Pharmacokinetics of intravenous linezolid in moderately to morbidly obese adults.

August 20, 2016 at 4:28 pm

Antimicrob Agents Chemother. 2013 Mar;57(3):1144-9.

Bhalodi AA1, Papasavas PK, Tishler DS, Nicolau DP, Kuti JL.

Author information

1Center for Anti-Infective Research and Development, Hartford Hospital, Hartford, CT, USA.

Abstract

The pharmacokinetics of linezolid was assessed in 20 adult volunteers with body mass indices (BMI) of 30 to 54.9 kg/m(2) receiving 5 intravenous doses of 600 mg every 12 h. Pharmacokinetic analyses were conducted using compartmental and noncompartmental methods. The mean (±standard deviation) age, height, and weight were 42.2 ± 12.2 years, 64.8 ± 3.5 in, and 109.5 ± 18.2 kg (range, 78.2 to 143.1 kg), respectively. Linezolid pharmacokinetics in this population were best described by a 2-compartment model with nonlinear clearance (original value, 7.6 ± 1.9 liters/h), which could be inhibited to 85.5% ± 12.2% of its original value depending on the concentration in an empirical inhibition compartment, the volume of the central compartment (24.4 ± 9.6 liters), and the intercompartment transfer constants (K(12) and K(21)) of 8.04 ± 6.22 and 7.99 ± 5.46 h(-1), respectively. The areas under the curve for the 12-h dosing interval (AUCτ) were similar between moderately obese and morbidly obese groups: 130.3 ± 60.1 versus 109.2 ± 25.5 μg · h/ml (P = 0.32), and there was no significant relationship between the AUC or clearance and any body size descriptors. A significant positive relationship was observed for the total volume of distribution with total body weight (r(2) = 0.524), adjusted body weight (r(2) = 0.587), lean body weight (r(2) = 0.495), and ideal body weight (r(2) = 0.398), but not with BMI (r(2) = 0.171). Linezolid exposure in these obese participants was similar overall to that of nonobese patients, implying that dosage adjustments based on BMI alone are not required, and standard doses for patients with body weights up to approximately 150 kg should provide AUCτ values similar to those seen in nonobese participants.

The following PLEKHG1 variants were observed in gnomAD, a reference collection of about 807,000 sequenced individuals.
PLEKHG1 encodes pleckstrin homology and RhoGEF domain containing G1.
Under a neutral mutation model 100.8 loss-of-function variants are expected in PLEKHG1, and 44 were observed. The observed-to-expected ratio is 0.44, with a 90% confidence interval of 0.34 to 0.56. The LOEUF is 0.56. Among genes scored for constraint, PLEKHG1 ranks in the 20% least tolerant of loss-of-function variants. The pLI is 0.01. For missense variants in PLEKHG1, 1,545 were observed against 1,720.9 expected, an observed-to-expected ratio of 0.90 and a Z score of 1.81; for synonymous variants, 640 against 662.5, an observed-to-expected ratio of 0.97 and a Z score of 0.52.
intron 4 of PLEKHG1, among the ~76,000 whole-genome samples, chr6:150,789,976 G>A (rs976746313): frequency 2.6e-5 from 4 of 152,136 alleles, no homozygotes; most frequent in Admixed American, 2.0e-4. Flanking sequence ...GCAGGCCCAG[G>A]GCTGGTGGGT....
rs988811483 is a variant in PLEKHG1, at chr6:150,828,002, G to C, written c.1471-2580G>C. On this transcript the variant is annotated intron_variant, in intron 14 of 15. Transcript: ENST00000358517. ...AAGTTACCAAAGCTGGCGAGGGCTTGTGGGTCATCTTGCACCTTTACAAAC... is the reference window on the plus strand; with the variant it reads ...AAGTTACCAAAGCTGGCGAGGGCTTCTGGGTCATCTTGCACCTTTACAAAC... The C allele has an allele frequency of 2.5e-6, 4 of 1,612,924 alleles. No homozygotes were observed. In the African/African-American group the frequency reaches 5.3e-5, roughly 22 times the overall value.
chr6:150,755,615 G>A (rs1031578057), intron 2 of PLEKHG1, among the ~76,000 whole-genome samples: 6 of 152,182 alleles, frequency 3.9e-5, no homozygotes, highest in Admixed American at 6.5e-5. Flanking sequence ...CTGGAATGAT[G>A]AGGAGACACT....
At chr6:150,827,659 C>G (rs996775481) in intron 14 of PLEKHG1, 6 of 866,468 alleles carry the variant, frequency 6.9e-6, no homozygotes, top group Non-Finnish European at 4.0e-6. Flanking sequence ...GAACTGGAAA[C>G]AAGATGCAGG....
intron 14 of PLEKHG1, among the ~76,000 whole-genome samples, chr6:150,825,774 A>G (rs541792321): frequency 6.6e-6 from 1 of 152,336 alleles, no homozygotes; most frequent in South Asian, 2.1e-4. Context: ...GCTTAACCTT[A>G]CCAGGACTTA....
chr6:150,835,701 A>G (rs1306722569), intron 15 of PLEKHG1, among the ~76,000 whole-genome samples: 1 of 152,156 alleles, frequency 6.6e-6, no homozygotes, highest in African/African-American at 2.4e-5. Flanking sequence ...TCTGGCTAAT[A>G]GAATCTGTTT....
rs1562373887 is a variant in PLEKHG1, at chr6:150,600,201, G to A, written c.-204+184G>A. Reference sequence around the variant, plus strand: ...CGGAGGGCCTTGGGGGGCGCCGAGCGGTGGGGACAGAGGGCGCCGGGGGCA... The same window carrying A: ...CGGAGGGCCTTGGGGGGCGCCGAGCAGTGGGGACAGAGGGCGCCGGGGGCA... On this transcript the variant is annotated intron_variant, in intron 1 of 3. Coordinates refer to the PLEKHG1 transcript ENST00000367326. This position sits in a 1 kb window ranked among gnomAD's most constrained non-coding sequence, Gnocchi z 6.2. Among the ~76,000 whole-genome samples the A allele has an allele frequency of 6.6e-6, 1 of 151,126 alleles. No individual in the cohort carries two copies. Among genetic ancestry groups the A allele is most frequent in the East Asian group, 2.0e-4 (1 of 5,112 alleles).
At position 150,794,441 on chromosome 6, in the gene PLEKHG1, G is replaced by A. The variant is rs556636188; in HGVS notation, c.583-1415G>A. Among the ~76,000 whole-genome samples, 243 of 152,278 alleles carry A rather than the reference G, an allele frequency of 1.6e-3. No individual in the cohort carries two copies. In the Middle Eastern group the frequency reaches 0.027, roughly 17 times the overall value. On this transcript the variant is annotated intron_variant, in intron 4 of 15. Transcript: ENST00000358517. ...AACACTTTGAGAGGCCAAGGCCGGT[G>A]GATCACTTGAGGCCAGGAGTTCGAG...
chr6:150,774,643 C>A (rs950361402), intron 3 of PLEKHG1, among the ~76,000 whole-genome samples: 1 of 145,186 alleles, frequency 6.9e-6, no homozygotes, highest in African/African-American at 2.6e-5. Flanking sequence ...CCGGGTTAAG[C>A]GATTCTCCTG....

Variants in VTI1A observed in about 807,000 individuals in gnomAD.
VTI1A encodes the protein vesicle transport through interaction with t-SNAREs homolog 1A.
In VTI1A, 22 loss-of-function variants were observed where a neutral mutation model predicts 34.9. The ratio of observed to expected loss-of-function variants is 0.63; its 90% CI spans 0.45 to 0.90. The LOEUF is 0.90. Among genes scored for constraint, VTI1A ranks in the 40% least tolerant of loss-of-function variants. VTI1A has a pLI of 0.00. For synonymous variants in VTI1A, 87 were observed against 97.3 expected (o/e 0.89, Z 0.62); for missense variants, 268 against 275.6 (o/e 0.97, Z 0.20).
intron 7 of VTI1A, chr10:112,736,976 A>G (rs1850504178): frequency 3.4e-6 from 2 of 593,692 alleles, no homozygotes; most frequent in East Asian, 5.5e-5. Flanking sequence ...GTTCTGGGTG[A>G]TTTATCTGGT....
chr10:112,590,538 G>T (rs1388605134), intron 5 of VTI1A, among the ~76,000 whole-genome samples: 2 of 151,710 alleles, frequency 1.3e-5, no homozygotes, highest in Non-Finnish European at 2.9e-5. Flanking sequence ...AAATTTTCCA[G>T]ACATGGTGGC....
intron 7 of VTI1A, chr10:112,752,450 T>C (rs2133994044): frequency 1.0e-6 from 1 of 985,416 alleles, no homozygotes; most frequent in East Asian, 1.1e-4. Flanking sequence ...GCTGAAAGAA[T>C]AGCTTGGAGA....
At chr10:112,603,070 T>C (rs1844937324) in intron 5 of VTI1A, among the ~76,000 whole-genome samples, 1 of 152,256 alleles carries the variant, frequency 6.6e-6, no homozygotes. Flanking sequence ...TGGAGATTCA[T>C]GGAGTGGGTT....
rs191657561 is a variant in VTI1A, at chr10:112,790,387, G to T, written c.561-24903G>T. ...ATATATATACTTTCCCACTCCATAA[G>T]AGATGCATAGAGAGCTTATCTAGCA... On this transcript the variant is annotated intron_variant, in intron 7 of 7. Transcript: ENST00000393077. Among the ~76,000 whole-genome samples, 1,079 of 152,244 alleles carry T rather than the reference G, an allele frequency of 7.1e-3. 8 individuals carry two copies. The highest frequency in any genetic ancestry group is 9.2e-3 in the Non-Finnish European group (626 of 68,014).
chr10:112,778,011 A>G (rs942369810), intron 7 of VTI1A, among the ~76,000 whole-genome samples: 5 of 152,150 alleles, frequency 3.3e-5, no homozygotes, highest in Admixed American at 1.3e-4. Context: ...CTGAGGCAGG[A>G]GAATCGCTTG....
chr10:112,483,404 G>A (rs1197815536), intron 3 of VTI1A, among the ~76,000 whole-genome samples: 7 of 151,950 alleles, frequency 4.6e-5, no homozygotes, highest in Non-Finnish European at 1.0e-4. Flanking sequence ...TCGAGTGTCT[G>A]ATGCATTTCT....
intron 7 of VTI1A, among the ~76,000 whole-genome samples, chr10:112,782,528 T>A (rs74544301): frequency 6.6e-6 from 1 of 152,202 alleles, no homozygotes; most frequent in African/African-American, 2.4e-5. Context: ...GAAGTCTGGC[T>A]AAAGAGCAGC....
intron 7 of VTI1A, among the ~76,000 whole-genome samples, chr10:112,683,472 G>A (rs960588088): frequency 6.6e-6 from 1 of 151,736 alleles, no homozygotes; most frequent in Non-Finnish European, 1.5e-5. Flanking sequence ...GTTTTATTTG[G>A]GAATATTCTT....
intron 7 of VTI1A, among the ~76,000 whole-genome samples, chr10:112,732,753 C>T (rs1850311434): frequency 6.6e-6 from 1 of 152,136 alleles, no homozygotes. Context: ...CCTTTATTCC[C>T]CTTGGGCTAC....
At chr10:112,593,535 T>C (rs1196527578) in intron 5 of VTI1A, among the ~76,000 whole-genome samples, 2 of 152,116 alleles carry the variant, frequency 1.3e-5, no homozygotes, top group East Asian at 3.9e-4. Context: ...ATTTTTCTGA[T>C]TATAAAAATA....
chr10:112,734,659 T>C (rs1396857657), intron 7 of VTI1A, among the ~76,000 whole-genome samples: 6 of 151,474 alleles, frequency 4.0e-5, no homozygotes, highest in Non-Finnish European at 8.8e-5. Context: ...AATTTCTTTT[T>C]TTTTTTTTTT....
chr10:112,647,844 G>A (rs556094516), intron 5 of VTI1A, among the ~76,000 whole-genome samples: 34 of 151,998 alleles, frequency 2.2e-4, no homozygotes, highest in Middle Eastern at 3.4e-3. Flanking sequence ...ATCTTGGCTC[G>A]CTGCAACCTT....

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http://aac.asm.org/content/57/3/1144.full.pdf+html

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Entry filed under: Antimicrobianos, Bacterias, Bacteriemias, Epidemiología, HIC no SIDA, Infecciones y Obesidad, Metodos diagnosticos, Resistencia bacteriana, Sepsis, Update.

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